Here are some of the most common myths concerning credit reports.
1) I haven’t done anything wrong so my credit reports must be OK. Your credit reports may have errors that affect your credit standing even if you did nothing to cause the errors. By some estimates, 70% of credit reports have errors. The errors may be lowering your credit score, which will mean you may have to pay a higher interest rate on credit. Morale to this story is to periodically download your credit reports and check for errors. If you find any errors, send dispute letters to the credit reporting agency.
2) Checking credit reports will hurt my credit score. You may check your own credit report as often as you like. There will be effect on your credit score. Confusion may arise from the fact that when you apply for credit and the creditor pulls your credit report, a hard inquiry will appear on your credit report. Excessive numbers of hard inquiries will lower your score somewhat. If you are shopping for a mortgage or car, you may end up with a lot of inquiries, but FICO, the leading source of credit scores, will count inquiries for a car or mortgage in any 30 day period as just one inquiry.
3) If you pay off a delinquent debt, a missed or late payment will be removed from your credit report. Paying off a debt will not remove negative history. The debt will fall off your report once 7 years is passed from the date for first delinquency. Do not believe credit repair companies that promise they can get negative accounts removed.
4) It will help my credit score if I make a payment on an old debt. Payment on an old debt or even paying it off is usually not a good idea. The negative history on the account won’t disappear from your credit report. Plus you risk restarting the statute of limitations in some cases. Paying off a recently incurred debt may make sense. While the history will not disappear, the balance due will reduce to zero which is a positive in terms of your credit score.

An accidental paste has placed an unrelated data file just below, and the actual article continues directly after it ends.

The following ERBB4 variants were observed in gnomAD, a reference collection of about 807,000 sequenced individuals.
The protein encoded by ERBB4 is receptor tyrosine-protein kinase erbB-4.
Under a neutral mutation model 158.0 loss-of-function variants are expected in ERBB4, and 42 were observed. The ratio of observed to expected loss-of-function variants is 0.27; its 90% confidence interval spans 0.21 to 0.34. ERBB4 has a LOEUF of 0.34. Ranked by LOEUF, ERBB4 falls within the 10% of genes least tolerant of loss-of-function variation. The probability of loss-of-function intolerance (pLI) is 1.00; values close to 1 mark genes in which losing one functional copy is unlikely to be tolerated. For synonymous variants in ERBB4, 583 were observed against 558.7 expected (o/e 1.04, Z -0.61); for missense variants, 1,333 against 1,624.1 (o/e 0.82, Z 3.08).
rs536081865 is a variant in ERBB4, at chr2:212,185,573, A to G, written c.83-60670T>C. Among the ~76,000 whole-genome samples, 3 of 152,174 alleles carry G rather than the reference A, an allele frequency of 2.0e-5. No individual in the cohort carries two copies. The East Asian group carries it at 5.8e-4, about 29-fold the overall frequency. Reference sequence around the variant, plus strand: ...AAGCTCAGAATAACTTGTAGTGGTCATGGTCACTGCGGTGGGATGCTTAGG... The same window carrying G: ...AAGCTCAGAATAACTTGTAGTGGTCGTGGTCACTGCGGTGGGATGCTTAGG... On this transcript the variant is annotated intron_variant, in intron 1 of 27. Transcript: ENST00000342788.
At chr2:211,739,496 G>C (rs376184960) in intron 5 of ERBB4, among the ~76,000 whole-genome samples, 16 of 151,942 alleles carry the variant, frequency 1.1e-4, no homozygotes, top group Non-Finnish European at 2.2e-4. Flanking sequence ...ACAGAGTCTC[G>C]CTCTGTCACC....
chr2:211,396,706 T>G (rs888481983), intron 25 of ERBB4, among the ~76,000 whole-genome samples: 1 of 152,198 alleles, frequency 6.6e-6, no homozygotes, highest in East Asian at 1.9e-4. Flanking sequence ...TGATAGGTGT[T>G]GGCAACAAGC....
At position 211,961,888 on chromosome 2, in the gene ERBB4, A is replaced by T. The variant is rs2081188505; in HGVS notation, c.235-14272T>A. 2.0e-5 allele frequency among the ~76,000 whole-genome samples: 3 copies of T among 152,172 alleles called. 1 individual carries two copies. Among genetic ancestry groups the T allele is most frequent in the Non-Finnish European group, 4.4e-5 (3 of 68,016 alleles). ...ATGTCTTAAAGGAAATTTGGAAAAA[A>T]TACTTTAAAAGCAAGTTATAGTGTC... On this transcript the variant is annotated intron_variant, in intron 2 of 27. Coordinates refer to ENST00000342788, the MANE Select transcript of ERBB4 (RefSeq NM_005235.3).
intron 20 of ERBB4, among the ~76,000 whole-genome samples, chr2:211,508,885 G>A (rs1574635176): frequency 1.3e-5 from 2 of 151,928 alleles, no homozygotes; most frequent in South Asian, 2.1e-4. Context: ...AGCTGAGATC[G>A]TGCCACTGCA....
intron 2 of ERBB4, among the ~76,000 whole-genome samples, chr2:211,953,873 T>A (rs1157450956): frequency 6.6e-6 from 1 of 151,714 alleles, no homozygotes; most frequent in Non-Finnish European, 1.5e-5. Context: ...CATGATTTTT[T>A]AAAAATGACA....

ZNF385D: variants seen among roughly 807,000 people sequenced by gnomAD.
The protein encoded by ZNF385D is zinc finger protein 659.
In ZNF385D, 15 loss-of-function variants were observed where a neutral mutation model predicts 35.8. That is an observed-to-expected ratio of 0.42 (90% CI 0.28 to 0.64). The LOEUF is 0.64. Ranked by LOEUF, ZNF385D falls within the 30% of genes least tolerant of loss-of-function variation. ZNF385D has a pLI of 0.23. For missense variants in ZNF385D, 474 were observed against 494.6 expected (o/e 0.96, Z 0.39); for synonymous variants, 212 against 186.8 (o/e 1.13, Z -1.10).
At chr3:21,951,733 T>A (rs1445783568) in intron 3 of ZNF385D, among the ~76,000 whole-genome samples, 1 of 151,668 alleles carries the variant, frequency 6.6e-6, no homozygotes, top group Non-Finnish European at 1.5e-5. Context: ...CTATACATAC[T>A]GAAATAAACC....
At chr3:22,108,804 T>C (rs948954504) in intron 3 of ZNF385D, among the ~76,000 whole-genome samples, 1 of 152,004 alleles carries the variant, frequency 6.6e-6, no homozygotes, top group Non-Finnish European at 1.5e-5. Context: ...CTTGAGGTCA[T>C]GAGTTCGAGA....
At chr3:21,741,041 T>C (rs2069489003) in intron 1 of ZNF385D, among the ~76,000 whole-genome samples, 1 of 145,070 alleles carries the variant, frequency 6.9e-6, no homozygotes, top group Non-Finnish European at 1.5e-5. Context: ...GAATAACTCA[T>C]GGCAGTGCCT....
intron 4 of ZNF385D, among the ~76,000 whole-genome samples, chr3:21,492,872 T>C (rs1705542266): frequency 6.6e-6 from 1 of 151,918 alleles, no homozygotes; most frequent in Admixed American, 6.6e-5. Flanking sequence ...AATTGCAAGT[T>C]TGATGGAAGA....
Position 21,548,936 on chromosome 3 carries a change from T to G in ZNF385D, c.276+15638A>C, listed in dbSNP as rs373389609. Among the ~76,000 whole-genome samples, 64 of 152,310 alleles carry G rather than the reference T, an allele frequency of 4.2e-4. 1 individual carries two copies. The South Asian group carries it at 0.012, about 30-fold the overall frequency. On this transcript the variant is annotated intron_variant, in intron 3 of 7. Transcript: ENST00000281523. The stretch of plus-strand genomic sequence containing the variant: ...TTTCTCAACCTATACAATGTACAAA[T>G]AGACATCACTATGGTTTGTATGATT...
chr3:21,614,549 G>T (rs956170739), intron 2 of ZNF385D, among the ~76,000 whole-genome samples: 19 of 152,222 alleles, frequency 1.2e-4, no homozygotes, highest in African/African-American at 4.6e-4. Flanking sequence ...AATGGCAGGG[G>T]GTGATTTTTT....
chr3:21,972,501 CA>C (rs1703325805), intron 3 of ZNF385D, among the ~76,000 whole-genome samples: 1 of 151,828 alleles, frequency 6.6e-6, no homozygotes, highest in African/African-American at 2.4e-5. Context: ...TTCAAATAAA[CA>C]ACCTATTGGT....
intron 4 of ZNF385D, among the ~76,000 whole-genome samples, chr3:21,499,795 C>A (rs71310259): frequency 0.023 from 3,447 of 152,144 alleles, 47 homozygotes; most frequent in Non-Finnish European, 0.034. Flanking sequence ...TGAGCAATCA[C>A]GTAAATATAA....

5) I need assistance of a debt settlement company. Don’t even think about it. These guys are scam artists. You will just be throwing money away. If you want to negotiate settlements with your creditors, do it yourself. Debt collectors will typically settle debts for some percentage of the debt.
6) It is a good idea to close a credit card account after paying it off. This can actually hurt your score–it eliminates some of your credit history, which is about 15% of your credit score. Plus, closing a credit card account means your utilization or debt to credit ratio will worsen. You can always cut up the card and not use it.
7) Keeping a balance on credit cards improves the credit score. Keeping a balance only costs you interest. Opening a credit card and keeping payments current can help build your credit history if you don’t have much credit history.
8) Daily credit monitoring is good idea. Some people like daily monitoring, but it is expensive and you can check your own credit reports from Experian, Equifax and Trans Union once a year for free at www.annualcreditreport.com. You can download one of them every four months for free.
9) You cannot get credit if you file bankruptcy. You may be able to get some credit, but it will be costly.
10) All credit scores are alike. FICO is a company that provides the scores most commonly used by creditors. The scores provided by Experian, Equifax , Trans Union and many others are not used all that often by creditors. Which is why they are sometimes called “fako” scores.